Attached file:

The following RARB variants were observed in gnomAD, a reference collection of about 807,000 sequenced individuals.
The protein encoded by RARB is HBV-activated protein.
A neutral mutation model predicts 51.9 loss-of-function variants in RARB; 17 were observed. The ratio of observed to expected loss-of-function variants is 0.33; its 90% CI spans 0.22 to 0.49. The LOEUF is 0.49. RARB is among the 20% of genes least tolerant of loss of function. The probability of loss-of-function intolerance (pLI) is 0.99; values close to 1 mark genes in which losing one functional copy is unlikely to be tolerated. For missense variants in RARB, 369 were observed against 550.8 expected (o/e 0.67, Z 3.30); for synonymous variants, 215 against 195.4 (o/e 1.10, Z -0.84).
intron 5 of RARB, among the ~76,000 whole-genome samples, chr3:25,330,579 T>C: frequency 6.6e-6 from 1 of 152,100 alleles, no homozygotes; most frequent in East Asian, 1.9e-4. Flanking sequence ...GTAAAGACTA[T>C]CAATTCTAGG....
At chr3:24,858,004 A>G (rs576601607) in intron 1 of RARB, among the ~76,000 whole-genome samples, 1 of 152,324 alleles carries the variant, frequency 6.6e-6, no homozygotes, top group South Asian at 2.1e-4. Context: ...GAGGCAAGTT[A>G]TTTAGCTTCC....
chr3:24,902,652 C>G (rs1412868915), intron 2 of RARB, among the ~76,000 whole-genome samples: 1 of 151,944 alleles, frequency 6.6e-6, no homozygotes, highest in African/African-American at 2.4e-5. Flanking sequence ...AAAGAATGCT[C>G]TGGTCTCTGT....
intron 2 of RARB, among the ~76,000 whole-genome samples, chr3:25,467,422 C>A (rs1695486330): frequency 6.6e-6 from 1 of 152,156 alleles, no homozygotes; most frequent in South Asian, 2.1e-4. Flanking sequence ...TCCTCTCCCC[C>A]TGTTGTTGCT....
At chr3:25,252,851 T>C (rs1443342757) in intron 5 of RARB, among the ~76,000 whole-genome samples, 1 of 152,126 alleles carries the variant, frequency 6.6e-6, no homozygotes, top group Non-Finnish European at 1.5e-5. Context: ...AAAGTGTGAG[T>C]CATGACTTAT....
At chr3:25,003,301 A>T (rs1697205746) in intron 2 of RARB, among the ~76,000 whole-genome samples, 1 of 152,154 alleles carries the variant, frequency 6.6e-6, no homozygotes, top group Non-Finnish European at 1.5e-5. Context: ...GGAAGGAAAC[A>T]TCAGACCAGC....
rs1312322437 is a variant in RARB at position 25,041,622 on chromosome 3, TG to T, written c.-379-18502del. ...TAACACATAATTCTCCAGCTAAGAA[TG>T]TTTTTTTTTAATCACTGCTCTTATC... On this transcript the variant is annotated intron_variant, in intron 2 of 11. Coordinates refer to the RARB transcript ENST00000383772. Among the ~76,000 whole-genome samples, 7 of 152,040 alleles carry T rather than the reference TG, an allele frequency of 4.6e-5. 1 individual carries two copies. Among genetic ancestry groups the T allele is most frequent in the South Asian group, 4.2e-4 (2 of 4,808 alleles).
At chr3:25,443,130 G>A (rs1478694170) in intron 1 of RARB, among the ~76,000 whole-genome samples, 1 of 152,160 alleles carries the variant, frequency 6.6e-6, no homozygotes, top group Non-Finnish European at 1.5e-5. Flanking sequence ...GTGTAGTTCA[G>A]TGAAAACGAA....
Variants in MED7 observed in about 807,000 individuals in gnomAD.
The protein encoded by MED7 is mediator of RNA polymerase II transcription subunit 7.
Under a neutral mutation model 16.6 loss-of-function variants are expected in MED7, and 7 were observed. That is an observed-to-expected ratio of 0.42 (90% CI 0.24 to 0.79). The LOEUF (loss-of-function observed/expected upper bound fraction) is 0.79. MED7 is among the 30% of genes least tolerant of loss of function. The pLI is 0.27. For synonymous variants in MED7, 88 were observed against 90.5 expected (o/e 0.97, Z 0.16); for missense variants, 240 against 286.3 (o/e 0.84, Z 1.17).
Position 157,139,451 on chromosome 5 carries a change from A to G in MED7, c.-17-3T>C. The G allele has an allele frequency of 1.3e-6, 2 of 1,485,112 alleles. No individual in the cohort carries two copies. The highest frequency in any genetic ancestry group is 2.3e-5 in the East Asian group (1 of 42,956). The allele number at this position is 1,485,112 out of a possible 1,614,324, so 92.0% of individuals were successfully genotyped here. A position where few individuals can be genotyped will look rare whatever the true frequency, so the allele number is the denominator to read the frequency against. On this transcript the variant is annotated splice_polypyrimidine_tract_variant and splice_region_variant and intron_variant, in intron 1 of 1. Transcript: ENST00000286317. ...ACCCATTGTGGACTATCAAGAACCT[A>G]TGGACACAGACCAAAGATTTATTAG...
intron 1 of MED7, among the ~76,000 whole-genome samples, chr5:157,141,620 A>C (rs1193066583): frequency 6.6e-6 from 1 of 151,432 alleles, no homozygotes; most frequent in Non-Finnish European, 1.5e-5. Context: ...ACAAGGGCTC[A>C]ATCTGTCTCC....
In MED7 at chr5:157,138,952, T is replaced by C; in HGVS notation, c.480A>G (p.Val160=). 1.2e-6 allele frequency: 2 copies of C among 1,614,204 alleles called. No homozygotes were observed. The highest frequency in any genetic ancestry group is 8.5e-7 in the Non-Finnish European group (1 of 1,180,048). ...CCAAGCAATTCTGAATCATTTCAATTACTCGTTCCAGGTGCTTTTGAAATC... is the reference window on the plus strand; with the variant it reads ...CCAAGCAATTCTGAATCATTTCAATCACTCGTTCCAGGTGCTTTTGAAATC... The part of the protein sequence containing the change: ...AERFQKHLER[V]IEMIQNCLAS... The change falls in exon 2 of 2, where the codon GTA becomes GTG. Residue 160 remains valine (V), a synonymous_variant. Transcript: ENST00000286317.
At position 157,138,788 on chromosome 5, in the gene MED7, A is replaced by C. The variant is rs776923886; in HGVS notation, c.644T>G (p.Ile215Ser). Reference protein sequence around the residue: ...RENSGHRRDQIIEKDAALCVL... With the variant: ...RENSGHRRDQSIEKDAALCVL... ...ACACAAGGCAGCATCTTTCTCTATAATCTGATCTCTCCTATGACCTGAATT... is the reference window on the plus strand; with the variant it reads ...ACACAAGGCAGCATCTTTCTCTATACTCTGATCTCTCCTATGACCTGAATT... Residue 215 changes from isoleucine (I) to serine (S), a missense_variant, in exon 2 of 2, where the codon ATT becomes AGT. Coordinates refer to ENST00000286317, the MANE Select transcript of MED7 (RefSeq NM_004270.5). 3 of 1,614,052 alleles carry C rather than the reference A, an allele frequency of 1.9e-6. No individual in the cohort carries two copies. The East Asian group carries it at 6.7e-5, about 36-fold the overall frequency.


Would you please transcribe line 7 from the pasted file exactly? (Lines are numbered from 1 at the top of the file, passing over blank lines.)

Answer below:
intron 2 of RARB, among the ~76,000 whole-genome samples, chr3:25,467,422 C>A (rs1695486330): frequency 6.6e-6 from 1 of 152,156 alleles, no homozygotes; most frequent in South Asian, 2.1e-4. Flanking sequence ...TCCTCTCCCC[C>A]TGTTGTTGCT....